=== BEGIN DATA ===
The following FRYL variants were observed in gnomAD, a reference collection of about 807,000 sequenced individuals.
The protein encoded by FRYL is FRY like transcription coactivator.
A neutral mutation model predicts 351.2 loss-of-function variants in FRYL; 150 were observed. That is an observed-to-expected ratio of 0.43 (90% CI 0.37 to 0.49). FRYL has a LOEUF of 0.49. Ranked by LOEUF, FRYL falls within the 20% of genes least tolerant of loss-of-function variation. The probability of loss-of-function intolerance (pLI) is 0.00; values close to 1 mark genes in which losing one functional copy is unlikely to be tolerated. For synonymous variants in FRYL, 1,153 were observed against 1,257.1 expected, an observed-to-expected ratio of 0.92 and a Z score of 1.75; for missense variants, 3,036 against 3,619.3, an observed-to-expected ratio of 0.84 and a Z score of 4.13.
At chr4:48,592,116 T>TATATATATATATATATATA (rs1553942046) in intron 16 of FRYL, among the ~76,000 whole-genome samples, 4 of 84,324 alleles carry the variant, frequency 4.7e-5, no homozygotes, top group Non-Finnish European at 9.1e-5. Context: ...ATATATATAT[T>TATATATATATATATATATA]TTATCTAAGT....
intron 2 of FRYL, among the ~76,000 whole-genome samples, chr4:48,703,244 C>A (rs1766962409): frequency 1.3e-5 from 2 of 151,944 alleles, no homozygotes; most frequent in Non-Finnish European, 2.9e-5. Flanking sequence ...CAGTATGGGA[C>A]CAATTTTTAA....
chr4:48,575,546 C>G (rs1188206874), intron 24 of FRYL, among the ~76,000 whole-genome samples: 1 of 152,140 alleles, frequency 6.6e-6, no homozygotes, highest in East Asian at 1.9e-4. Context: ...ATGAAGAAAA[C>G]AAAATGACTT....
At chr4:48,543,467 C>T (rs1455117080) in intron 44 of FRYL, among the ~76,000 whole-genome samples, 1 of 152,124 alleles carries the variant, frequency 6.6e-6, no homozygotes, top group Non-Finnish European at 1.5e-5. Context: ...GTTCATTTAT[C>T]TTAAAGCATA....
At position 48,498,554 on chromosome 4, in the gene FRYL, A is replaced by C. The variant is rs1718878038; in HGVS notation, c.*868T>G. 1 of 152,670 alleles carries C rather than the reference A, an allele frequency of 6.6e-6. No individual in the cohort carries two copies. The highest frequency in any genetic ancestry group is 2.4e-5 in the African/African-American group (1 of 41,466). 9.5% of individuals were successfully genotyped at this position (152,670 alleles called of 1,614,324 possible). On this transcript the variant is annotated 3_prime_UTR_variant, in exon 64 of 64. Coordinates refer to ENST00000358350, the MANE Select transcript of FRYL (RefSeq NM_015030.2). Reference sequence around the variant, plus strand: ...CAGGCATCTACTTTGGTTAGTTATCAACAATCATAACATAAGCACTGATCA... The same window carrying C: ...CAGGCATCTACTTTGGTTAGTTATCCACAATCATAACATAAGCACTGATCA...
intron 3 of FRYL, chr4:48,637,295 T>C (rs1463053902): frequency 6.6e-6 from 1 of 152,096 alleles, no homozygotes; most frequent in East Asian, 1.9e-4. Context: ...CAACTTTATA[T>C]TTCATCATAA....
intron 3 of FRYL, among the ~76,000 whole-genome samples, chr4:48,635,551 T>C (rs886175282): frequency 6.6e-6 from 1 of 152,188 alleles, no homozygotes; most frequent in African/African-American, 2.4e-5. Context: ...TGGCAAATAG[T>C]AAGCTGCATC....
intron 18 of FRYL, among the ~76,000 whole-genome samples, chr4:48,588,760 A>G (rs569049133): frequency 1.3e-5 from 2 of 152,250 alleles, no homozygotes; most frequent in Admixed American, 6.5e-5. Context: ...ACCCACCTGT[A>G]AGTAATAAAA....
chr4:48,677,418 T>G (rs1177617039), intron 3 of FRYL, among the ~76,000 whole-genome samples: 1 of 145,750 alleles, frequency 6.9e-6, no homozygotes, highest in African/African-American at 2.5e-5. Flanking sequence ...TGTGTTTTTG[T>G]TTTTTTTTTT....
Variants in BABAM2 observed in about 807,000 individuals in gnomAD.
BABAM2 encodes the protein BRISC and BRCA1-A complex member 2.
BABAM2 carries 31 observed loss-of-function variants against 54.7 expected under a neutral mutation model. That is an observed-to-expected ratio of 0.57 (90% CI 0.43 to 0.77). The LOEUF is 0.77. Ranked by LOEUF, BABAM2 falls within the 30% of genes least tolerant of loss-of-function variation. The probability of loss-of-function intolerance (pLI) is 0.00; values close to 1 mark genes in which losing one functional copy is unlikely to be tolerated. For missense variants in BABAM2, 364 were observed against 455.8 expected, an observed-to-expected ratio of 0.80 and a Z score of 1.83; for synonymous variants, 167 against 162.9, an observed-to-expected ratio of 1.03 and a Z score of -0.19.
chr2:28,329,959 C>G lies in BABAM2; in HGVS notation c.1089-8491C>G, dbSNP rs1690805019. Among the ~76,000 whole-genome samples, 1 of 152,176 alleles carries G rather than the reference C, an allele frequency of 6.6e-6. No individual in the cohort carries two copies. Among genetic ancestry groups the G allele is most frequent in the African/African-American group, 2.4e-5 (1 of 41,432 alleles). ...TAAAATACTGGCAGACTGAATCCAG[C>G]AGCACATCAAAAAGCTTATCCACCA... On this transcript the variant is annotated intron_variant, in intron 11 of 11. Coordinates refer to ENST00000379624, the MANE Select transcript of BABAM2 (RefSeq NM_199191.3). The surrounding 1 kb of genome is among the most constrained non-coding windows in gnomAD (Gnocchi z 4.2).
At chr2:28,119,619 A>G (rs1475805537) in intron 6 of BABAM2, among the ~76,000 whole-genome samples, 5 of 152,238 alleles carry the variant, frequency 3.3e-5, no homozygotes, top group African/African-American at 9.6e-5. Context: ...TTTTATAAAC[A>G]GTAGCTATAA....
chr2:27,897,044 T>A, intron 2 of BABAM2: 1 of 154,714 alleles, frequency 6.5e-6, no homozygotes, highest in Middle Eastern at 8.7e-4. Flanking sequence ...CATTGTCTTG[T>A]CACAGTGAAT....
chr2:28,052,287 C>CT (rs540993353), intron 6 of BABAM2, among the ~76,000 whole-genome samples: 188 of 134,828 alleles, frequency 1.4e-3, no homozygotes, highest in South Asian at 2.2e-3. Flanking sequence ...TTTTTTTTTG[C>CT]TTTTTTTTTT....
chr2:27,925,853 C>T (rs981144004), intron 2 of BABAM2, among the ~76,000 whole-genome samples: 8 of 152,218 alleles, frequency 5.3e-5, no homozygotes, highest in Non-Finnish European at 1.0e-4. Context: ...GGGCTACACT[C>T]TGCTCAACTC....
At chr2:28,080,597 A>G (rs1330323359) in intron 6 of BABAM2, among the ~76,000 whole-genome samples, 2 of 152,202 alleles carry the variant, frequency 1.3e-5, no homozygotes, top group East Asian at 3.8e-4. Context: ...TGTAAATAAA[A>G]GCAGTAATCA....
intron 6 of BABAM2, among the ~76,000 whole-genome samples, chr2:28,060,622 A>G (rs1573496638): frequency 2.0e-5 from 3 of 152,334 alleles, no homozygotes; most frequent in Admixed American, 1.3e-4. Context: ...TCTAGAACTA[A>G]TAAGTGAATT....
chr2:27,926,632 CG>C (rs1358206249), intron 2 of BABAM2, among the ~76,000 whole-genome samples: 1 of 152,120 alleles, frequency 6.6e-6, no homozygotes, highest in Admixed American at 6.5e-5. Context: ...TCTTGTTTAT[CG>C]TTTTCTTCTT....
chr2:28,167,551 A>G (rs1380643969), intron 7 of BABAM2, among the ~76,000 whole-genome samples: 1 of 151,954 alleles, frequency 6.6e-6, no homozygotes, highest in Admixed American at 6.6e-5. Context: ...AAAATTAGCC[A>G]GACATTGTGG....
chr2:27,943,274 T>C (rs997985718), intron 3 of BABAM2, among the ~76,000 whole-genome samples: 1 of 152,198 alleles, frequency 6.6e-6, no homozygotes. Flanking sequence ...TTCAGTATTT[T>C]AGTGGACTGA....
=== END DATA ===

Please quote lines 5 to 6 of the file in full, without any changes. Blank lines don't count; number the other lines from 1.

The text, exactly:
intron 2 of FRYL, among the ~76,000 whole-genome samples, chr4:48,703,244 C>A (rs1766962409): frequency 1.3e-5 from 2 of 151,944 alleles, no homozygotes; most frequent in Non-Finnish European, 2.9e-5. Flanking sequence ...CAGTATGGGA[C>A]CAATTTTTAA....
chr4:48,575,546 C>G (rs1188206874), intron 24 of FRYL, among the ~76,000 whole-genome samples: 1 of 152,140 alleles, frequency 6.6e-6, no homozygotes, highest in East Asian at 1.9e-4. Context: ...ATGAAGAAAA[C>G]AAAATGACTT....